Ben Kamens spent over 5 years at Fog Creek, eventually working his way up to VP of engineering. However, after watching one of Salman Khan's talks he started to volunteer his time at Khan Academy, and is now the lead developer. In-between providing a free world-class education for anyone anywhere, he's graciously agreed to answer some of your questions. As usual, ask as many questions as you'd like, but please, one question per post.
Nerval's Lobster writes "Gavin Newsom, former mayor of San Francisco and current lieutenant governor of California, argues in his new book Citizenville that citizens need to take the lead in solving society's problems, sidestepping government bureaucracy with a variety of technological tools. It's more efficient for those engineers and concerned citizens to take open government data and use it to build apps that serve a civic function—such as Google Earth, or a map that displays crime statistics—than for government to try and provide these tools itself. But Newsom doesn't limit his attacks on government bureaucracy to politicians; he also reserves some fire for the IT departments, which he views as an outdated relic. 'The traditional IT department, which set up and maintained complex, centralized services—networks, servers, computers, e-mail, printers—may be on its way out,' he writes. 'As we move toward the cloud and technology gets easier to use, we'll have less need for full-time teams of people to maintain our stuff.' Despite his advocacy of the cloud and collaboration, he's also ambivalent about Wikileaks. 'It has made government and diplomacy much more challenging and ultimately less honest,' he writes at one point, 'as people fear that their private communications might become public.' Nonetheless, he thinks WikiLeaks and its ilk are ultimately here to stay: 'It is happening, and it's going to keep happening, and it's going to intensify.' In the end, he feels the benefits of collaboration and openness outweigh the drawbacks." Keep reading for the rest of Nick's review.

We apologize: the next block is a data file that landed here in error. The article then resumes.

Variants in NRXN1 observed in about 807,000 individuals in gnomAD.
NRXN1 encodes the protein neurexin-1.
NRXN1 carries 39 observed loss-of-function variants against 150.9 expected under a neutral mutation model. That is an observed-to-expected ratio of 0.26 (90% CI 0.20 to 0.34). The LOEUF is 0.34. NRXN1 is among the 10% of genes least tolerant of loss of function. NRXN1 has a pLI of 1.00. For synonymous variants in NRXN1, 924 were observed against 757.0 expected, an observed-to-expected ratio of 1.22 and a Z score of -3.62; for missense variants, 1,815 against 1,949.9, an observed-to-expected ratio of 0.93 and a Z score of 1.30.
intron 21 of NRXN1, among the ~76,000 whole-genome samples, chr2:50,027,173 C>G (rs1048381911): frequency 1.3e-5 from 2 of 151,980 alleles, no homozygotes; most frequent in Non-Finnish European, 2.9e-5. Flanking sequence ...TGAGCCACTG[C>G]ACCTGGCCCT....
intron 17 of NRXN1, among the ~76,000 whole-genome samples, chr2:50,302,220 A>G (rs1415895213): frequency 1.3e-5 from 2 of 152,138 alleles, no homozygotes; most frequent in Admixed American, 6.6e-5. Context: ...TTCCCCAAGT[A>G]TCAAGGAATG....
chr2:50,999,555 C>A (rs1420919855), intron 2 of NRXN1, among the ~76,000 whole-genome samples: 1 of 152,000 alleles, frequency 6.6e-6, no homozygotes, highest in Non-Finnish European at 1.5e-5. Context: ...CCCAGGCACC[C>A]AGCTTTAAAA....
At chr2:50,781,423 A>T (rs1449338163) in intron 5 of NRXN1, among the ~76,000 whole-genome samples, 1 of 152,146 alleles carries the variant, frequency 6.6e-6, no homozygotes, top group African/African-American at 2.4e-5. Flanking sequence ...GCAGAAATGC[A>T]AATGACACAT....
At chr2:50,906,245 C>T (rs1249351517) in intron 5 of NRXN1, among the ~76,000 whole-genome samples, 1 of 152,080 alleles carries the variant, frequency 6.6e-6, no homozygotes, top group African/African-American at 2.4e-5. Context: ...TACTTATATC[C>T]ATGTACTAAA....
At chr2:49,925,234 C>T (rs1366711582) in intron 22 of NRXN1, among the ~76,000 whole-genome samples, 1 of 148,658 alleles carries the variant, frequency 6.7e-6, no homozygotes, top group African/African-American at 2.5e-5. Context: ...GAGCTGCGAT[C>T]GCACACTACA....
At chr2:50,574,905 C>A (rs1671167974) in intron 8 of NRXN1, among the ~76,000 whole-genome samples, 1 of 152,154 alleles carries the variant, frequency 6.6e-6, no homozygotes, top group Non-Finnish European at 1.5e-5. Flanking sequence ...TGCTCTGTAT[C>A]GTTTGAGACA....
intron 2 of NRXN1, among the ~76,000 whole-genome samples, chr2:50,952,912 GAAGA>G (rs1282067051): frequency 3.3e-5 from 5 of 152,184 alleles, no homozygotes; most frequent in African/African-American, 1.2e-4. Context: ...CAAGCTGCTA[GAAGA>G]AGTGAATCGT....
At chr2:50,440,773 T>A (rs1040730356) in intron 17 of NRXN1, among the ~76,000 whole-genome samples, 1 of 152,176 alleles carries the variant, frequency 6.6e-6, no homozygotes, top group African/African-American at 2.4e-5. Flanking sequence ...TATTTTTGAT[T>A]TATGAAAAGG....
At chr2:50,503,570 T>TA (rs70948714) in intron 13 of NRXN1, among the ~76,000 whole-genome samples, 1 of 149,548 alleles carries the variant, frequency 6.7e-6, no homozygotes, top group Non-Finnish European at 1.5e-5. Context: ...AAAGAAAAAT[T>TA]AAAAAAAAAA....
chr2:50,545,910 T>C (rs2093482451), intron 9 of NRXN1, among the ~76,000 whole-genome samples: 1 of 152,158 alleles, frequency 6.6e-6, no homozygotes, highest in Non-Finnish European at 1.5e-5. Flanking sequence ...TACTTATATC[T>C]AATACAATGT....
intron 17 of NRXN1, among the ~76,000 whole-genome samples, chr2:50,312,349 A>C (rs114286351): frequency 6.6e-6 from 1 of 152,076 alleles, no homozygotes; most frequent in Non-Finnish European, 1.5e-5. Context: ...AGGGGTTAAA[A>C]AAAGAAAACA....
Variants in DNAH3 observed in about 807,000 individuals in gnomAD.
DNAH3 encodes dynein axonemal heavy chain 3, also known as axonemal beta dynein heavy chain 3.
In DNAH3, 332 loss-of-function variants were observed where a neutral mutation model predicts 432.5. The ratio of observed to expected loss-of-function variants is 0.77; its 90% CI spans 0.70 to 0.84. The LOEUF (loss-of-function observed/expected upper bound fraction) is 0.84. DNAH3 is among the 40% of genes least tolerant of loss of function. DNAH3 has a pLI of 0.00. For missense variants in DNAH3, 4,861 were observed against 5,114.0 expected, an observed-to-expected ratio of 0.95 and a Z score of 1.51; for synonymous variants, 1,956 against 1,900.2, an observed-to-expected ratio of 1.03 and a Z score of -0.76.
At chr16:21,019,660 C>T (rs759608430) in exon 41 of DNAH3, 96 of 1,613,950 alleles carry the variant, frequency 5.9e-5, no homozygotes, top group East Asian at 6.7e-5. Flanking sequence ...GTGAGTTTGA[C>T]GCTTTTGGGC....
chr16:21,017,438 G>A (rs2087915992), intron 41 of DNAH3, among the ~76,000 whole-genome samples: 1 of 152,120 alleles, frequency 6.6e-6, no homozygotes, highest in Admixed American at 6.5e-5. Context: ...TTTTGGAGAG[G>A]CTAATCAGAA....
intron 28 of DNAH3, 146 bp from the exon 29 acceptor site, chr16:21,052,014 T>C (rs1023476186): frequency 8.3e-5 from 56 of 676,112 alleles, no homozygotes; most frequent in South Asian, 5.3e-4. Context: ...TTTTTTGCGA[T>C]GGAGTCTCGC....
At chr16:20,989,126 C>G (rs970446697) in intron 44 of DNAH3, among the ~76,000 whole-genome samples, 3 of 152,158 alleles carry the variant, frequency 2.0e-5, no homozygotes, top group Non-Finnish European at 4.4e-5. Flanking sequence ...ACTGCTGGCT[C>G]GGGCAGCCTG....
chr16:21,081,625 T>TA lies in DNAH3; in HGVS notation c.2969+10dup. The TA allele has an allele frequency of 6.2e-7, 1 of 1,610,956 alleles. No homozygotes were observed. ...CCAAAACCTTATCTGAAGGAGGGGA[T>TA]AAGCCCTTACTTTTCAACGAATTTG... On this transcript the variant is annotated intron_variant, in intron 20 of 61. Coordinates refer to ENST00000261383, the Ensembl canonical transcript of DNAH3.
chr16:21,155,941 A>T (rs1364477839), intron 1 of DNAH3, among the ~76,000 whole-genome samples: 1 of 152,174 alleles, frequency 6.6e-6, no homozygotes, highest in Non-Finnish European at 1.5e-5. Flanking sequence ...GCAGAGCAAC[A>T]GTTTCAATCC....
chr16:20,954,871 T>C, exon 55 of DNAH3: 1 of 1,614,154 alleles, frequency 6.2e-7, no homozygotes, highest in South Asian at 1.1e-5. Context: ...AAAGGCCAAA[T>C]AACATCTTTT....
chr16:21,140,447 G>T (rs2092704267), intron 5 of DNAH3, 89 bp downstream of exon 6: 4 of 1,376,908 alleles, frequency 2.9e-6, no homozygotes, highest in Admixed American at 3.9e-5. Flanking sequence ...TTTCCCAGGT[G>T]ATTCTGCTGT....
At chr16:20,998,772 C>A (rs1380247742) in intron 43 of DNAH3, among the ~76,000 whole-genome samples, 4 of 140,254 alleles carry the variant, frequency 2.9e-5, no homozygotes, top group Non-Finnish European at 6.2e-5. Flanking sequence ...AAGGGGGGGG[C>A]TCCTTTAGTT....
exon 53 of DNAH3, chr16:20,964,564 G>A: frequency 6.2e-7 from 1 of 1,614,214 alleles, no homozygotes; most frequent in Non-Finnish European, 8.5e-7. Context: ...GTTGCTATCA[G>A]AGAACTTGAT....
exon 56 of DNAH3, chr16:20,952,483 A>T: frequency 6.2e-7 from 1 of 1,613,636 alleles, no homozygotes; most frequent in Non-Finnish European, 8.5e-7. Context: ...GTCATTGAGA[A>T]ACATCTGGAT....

CowboyRobot writes "The January edition of Science, Technology & Human Values published an article titled Technological Change and Professional Control in the Professoriate, which details interviews with 42 faculty members at three research-intensive universities. The research concludes that faculty have little interest in the latest IT solutions. 'I went to [a course management software workshop] and came away with the idea that the greatest thing you could do with that is put your syllabus on the Web and that's an awful lot of technology to hand the students a piece of paper at the start of the semester and say keep track of it,' said one. 'What are the gains for students by bringing IT into the class? There isn't any. You could teach all of chemistry with a whiteboard. I really don't think you need IT or anything beyond a pencil and a paper,' said another."
skade88 writes "Pepsi will release on Feb 28th a new breakfast Mountain Dew. The new drink called Kick Start is Mountain Dew mixed with fruit juice. It will come in two flavors, Citrus and Fruit Punch. 'Our consumers told us they are looking for an alternative to traditional morning beverages – one that tastes great, includes real fruit juice and has just the right amount of kick to help them start their days,' said Greg Lyons, Mountain Dew's vice president of marketing."